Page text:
After Belle proved to be an indie hit a few years back, making over $10 million during the competitive summer season, director Amma Asante is now back with another historical drama. A United Kingdom follows David Oyelowo as Seretse Khama, a former African royal who married Englishwoman Ruth Williams (Rosamund Pike), causing a great deal of controversy.
Ahead of a premiere at the Toronto International Film Festival, the first trailer has now landed which sells a well-acted, beautifully lensed drama, which looks to be a strong double bill with another feature this fall: Jeff Nichols‘ Loving. Also starring Jack Davenport, Tom Felton, Terry Pheto, and Laura Carmichael, check out the trailer below for the film which is still seeking U.S. distribution.
Two luminous actors, David Oyelowo and Rosamund Pike, bring to life one of the great forbidden romances of the 20th century. That it’s all based on a true story gives Amma Asante’s follow-up to the acclaimed Belle even greater impact. Both sweeping and intimate, A United Kingdom illustrates how love can challenge even the harshest constraints.
London, 1947. Jazz lovers Seretse Khama (Oyelowo, also at the Festival in Queen of Katwe) and Ruth Williams (Pike) meet at a Missionary Society dance. The evening is electric, perhaps in part because both know their attraction is fraught. She’s an accomplished office worker, and white. He is a charming law student, and black. What he can’t tell her at first is that he’s also a prince, first in line to the throne of Bechuanaland (today’s Botswana). But despite the obstacles, it’s love.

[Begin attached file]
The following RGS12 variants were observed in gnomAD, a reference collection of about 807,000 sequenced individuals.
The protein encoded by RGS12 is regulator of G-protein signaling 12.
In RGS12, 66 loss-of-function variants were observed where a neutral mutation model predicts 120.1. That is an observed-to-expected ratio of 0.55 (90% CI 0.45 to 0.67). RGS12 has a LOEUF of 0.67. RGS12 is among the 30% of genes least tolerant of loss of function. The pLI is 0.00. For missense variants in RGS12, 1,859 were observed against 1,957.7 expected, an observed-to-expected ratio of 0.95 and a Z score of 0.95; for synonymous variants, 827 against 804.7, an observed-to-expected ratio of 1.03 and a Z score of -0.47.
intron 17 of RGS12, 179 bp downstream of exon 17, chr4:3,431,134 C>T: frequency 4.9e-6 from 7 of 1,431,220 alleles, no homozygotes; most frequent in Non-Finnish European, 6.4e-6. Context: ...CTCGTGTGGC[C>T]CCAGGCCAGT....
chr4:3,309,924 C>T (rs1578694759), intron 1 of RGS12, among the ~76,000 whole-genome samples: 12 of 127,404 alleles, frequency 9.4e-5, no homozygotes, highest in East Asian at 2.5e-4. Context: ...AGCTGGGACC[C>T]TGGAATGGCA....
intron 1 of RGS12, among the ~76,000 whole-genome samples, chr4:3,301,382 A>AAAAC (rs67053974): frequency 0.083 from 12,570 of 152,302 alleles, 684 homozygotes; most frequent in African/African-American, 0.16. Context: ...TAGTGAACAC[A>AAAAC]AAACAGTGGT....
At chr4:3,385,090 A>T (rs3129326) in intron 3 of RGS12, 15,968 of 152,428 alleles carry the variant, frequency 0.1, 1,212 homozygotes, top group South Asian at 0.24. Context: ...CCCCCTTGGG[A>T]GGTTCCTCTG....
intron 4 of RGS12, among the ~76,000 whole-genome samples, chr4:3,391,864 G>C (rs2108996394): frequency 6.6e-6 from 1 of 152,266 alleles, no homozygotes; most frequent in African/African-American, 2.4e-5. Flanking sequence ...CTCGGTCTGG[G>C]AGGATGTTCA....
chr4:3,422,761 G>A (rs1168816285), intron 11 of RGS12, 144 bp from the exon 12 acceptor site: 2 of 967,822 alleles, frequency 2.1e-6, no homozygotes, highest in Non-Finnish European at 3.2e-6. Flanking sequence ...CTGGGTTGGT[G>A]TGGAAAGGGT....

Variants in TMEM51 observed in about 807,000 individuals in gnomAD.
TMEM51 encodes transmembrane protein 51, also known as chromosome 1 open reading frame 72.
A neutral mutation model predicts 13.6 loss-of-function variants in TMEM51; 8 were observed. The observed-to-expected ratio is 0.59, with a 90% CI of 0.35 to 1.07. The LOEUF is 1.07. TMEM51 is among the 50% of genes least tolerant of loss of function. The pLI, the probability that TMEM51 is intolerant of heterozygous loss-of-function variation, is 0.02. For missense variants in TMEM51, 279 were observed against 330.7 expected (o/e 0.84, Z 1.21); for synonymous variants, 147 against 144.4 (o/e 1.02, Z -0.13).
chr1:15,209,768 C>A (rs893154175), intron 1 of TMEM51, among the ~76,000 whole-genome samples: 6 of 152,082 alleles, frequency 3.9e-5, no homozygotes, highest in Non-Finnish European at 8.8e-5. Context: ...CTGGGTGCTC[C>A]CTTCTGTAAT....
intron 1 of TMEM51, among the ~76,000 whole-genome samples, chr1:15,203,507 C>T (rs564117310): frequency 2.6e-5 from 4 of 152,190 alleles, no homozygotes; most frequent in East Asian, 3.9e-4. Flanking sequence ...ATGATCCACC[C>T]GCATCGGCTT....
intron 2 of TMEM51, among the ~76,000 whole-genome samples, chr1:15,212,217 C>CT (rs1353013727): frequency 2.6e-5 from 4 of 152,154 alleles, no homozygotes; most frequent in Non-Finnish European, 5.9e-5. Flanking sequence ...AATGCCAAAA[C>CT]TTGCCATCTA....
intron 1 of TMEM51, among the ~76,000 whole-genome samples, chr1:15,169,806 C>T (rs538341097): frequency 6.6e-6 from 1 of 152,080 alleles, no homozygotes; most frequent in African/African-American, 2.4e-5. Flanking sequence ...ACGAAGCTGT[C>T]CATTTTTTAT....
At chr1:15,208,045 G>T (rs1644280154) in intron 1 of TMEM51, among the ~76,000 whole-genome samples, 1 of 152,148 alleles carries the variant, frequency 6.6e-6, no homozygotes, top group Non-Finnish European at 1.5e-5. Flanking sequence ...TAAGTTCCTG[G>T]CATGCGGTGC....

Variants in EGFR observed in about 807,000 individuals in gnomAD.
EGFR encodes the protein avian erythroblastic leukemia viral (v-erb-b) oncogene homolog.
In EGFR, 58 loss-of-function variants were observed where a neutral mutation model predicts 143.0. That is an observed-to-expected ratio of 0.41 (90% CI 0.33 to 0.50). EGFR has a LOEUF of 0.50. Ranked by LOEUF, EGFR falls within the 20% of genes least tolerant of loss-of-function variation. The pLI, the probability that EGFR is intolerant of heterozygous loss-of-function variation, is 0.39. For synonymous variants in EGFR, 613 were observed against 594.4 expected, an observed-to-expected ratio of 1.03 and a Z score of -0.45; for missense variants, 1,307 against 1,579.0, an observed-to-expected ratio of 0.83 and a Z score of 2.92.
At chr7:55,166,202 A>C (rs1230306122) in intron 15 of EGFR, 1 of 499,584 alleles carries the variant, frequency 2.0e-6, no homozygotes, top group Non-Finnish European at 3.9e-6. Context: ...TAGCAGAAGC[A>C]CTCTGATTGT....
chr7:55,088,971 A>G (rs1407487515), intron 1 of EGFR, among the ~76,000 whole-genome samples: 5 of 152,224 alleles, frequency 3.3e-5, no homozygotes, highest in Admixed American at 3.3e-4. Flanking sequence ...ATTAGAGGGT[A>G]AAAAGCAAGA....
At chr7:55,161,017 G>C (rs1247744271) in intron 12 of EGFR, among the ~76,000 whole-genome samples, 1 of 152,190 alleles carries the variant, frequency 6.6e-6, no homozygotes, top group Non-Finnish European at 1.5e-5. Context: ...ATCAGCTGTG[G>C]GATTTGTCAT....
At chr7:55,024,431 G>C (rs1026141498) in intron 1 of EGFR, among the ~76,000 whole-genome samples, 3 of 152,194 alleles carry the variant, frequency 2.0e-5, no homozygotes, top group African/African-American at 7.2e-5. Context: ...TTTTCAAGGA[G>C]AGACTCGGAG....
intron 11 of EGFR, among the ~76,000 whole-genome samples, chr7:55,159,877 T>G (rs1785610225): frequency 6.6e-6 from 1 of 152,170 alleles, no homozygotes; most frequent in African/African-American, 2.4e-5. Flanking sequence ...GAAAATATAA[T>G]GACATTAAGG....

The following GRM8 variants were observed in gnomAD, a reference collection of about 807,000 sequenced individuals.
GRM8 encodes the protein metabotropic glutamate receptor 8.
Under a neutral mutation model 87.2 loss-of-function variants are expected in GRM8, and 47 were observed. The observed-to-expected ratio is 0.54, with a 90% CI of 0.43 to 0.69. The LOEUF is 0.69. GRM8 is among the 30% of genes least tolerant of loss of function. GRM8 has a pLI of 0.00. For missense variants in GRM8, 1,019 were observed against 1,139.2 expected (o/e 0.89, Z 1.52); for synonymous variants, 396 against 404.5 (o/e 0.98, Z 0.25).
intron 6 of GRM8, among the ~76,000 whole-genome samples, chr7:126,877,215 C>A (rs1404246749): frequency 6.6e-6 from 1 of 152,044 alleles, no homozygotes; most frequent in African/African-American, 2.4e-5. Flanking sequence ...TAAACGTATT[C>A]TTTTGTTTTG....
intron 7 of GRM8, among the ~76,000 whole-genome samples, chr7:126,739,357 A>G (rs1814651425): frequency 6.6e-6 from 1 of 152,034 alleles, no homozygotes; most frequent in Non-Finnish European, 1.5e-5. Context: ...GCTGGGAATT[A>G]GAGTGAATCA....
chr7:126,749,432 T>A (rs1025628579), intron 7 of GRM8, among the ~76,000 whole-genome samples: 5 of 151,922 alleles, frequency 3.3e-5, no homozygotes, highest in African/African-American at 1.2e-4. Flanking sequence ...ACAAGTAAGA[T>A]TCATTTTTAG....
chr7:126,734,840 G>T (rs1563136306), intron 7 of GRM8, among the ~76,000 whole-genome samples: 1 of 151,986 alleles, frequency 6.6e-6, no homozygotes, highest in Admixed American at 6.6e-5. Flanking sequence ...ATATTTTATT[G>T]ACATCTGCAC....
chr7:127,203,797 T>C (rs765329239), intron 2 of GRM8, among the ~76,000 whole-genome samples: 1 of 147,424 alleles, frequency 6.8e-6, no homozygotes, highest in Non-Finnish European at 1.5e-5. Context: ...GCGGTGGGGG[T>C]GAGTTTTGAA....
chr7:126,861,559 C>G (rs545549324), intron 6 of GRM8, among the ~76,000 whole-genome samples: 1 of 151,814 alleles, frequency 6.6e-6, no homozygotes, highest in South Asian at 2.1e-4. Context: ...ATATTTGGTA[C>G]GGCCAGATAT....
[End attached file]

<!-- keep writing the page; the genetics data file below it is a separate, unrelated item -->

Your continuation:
When the time comes for Seretse to return home to lead his people’s independence movement, he impulsively proposes to Ruth. She accepts, but no one else does — not her family nor his. Neither does South Africa’s government, which controls uranium Britain badly needs, and stands on the eve of making apartheid a national policy. They won’t tolerate an interracial couple leading a neighbouring country, so Britain begins to work against what once seemed like the simple love between Seretse and Ruth.
Having already portrayed Martin Luther King Jr. in 2014’s Selma, Oyelowo provides another stirring depiction of a heroic figure who used nonviolence to change the world’s attitude toward racial integration. Pike is likewise magnetic as a woman whose openheartedness won over a culture initially inclined to shun her.
Their story plays out against a backdrop of regal English offices and sun-kissed Botswana plains. With her third feature, Asante has masterfully invoked a tumultuous moment in 20th-century Africa — one that boasts a glorious ending.
A United Kingdom opens on November 25th in the U.K. and is seeking U.S. distribution.